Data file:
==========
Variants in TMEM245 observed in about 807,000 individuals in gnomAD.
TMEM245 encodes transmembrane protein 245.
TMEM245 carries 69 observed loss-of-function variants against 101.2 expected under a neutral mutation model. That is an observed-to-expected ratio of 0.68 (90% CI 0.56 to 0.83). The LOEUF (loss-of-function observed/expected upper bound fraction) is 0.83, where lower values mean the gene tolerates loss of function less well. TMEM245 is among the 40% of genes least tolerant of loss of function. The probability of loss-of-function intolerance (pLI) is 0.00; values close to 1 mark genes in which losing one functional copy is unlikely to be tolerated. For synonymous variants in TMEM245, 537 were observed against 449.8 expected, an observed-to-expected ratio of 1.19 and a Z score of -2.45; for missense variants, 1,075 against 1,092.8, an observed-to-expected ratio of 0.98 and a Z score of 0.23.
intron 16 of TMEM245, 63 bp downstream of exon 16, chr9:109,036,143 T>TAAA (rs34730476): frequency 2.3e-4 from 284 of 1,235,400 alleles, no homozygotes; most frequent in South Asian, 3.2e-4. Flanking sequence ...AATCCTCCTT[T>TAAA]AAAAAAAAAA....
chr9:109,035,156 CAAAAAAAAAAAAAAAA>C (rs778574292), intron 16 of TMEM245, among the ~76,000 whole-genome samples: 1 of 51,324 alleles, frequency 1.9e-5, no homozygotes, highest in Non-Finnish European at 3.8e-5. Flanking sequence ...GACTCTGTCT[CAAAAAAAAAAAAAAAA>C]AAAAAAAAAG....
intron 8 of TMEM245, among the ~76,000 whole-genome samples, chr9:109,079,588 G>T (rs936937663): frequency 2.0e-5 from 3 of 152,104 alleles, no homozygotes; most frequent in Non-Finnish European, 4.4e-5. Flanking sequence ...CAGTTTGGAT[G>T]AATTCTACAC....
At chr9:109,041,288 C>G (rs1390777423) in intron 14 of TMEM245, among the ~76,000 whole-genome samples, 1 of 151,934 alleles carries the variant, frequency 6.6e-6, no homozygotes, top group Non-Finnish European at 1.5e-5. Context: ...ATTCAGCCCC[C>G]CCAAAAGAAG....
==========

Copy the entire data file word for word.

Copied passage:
Variants in TMEM245 observed in about 807,000 individuals in gnomAD.
TMEM245 encodes transmembrane protein 245.
TMEM245 carries 69 observed loss-of-function variants against 101.2 expected under a neutral mutation model. That is an observed-to-expected ratio of 0.68 (90% CI 0.56 to 0.83). The LOEUF (loss-of-function observed/expected upper bound fraction) is 0.83, where lower values mean the gene tolerates loss of function less well. TMEM245 is among the 40% of genes least tolerant of loss of function. The probability of loss-of-function intolerance (pLI) is 0.00; values close to 1 mark genes in which losing one functional copy is unlikely to be tolerated. For synonymous variants in TMEM245, 537 were observed against 449.8 expected, an observed-to-expected ratio of 1.19 and a Z score of -2.45; for missense variants, 1,075 against 1,092.8, an observed-to-expected ratio of 0.98 and a Z score of 0.23.
intron 16 of TMEM245, 63 bp downstream of exon 16, chr9:109,036,143 T>TAAA (rs34730476): frequency 2.3e-4 from 284 of 1,235,400 alleles, no homozygotes; most frequent in South Asian, 3.2e-4. Flanking sequence ...AATCCTCCTT[T>TAAA]AAAAAAAAAA....
chr9:109,035,156 CAAAAAAAAAAAAAAAA>C (rs778574292), intron 16 of TMEM245, among the ~76,000 whole-genome samples: 1 of 51,324 alleles, frequency 1.9e-5, no homozygotes, highest in Non-Finnish European at 3.8e-5. Flanking sequence ...GACTCTGTCT[CAAAAAAAAAAAAAAAA>C]AAAAAAAAAG....
intron 8 of TMEM245, among the ~76,000 whole-genome samples, chr9:109,079,588 G>T (rs936937663): frequency 2.0e-5 from 3 of 152,104 alleles, no homozygotes; most frequent in Non-Finnish European, 4.4e-5. Flanking sequence ...CAGTTTGGAT[G>T]AATTCTACAC....
At chr9:109,041,288 C>G (rs1390777423) in intron 14 of TMEM245, among the ~76,000 whole-genome samples, 1 of 151,934 alleles carries the variant, frequency 6.6e-6, no homozygotes, top group Non-Finnish European at 1.5e-5. Context: ...ATTCAGCCCC[C>G]CCAAAAGAAG....